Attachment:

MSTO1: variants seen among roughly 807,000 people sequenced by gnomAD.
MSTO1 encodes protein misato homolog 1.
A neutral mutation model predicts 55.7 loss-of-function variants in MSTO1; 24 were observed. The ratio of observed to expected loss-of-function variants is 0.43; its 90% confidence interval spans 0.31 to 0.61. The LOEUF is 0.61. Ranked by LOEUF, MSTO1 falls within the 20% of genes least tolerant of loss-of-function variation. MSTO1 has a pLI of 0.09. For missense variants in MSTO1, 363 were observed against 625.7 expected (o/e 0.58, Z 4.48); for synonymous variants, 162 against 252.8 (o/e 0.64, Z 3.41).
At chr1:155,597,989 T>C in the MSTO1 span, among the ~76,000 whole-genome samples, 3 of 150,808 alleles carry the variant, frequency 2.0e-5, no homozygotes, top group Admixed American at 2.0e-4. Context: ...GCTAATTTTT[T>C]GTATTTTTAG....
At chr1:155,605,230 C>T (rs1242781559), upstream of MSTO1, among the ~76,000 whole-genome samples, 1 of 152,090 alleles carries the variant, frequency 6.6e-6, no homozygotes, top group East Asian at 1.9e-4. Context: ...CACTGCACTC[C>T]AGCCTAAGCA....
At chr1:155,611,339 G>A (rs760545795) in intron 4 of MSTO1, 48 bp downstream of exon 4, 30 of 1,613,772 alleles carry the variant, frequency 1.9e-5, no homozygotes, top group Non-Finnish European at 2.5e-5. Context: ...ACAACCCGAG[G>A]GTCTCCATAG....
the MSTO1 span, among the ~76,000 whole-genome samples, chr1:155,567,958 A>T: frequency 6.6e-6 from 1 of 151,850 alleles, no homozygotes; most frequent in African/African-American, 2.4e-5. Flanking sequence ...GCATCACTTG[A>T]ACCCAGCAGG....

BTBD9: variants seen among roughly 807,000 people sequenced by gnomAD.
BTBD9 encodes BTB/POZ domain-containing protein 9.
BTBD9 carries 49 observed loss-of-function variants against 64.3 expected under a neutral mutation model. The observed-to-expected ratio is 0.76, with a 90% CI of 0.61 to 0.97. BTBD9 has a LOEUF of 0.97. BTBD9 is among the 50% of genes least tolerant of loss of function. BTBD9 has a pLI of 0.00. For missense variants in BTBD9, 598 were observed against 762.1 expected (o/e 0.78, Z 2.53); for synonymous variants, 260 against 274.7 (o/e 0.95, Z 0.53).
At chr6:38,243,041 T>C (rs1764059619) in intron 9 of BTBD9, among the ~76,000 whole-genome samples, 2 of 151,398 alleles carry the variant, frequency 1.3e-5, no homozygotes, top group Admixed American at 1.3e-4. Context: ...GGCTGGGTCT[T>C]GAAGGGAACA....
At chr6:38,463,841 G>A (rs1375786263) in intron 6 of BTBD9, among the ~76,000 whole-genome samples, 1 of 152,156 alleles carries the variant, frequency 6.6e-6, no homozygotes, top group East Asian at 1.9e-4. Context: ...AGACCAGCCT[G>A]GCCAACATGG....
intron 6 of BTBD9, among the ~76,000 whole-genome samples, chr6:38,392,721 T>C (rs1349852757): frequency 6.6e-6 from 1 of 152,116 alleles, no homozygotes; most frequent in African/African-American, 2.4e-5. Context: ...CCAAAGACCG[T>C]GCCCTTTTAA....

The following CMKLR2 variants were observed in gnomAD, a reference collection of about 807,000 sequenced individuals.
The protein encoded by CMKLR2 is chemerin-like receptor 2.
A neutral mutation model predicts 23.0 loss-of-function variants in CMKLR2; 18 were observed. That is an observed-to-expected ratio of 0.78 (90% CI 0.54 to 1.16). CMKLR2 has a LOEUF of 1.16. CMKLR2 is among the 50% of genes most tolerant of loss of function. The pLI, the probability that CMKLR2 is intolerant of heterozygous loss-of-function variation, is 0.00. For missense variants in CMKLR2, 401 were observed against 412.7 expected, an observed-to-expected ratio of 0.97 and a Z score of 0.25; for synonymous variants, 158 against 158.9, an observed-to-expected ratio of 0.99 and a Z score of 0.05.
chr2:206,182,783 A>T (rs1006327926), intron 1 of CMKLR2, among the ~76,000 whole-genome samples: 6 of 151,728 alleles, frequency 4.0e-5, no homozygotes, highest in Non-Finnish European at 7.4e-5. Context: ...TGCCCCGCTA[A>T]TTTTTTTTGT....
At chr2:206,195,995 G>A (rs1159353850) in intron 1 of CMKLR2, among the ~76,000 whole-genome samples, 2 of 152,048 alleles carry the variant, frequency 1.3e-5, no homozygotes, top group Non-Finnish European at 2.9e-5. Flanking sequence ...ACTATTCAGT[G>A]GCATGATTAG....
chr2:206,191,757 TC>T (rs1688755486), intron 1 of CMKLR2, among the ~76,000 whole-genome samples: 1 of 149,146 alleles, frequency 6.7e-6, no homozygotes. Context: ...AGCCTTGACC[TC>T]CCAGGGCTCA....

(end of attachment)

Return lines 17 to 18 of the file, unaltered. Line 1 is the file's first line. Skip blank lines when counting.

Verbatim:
chr2:206,182,783 A>T (rs1006327926), intron 1 of CMKLR2, among the ~76,000 whole-genome samples: 6 of 151,728 alleles, frequency 4.0e-5, no homozygotes, highest in Non-Finnish European at 7.4e-5. Context: ...TGCCCCGCTA[A>T]TTTTTTTTGT....
At chr2:206,195,995 G>A (rs1159353850) in intron 1 of CMKLR2, among the ~76,000 whole-genome samples, 2 of 152,048 alleles carry the variant, frequency 1.3e-5, no homozygotes, top group Non-Finnish European at 2.9e-5. Flanking sequence ...ACTATTCAGT[G>A]GCATGATTAG....